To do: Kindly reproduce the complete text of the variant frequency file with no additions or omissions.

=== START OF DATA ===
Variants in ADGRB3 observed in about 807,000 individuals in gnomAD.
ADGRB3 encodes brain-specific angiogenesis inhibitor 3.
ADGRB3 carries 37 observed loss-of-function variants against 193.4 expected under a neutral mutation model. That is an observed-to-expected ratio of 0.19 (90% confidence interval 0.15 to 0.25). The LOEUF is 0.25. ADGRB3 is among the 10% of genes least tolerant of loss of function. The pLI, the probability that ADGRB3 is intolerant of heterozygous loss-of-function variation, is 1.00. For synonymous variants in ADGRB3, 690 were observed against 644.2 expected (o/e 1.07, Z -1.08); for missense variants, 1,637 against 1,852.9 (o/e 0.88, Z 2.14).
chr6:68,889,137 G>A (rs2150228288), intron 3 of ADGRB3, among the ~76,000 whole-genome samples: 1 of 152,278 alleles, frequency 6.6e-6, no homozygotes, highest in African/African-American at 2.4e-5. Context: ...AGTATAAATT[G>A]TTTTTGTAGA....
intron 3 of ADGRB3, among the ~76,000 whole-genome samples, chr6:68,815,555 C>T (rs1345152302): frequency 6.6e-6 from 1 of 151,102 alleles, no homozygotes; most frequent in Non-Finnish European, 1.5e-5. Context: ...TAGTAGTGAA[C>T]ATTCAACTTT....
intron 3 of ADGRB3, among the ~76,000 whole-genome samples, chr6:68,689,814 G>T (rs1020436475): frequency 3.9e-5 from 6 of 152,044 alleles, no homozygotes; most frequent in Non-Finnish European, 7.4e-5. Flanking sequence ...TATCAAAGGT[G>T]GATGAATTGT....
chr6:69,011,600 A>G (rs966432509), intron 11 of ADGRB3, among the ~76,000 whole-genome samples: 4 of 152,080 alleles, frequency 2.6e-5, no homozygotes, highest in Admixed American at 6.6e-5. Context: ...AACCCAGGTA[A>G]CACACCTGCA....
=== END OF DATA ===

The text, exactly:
Variants in ADGRB3 observed in about 807,000 individuals in gnomAD.
ADGRB3 encodes brain-specific angiogenesis inhibitor 3.
ADGRB3 carries 37 observed loss-of-function variants against 193.4 expected under a neutral mutation model. That is an observed-to-expected ratio of 0.19 (90% confidence interval 0.15 to 0.25). The LOEUF is 0.25. ADGRB3 is among the 10% of genes least tolerant of loss of function. The pLI, the probability that ADGRB3 is intolerant of heterozygous loss-of-function variation, is 1.00. For synonymous variants in ADGRB3, 690 were observed against 644.2 expected (o/e 1.07, Z -1.08); for missense variants, 1,637 against 1,852.9 (o/e 0.88, Z 2.14).
chr6:68,889,137 G>A (rs2150228288), intron 3 of ADGRB3, among the ~76,000 whole-genome samples: 1 of 152,278 alleles, frequency 6.6e-6, no homozygotes, highest in African/African-American at 2.4e-5. Context: ...AGTATAAATT[G>A]TTTTTGTAGA....
intron 3 of ADGRB3, among the ~76,000 whole-genome samples, chr6:68,815,555 C>T (rs1345152302): frequency 6.6e-6 from 1 of 151,102 alleles, no homozygotes; most frequent in Non-Finnish European, 1.5e-5. Context: ...TAGTAGTGAA[C>T]ATTCAACTTT....
intron 3 of ADGRB3, among the ~76,000 whole-genome samples, chr6:68,689,814 G>T (rs1020436475): frequency 3.9e-5 from 6 of 152,044 alleles, no homozygotes; most frequent in Non-Finnish European, 7.4e-5. Flanking sequence ...TATCAAAGGT[G>T]GATGAATTGT....
chr6:69,011,600 A>G (rs966432509), intron 11 of ADGRB3, among the ~76,000 whole-genome samples: 4 of 152,080 alleles, frequency 2.6e-5, no homozygotes, highest in Admixed American at 6.6e-5. Context: ...AACCCAGGTA[A>G]CACACCTGCA....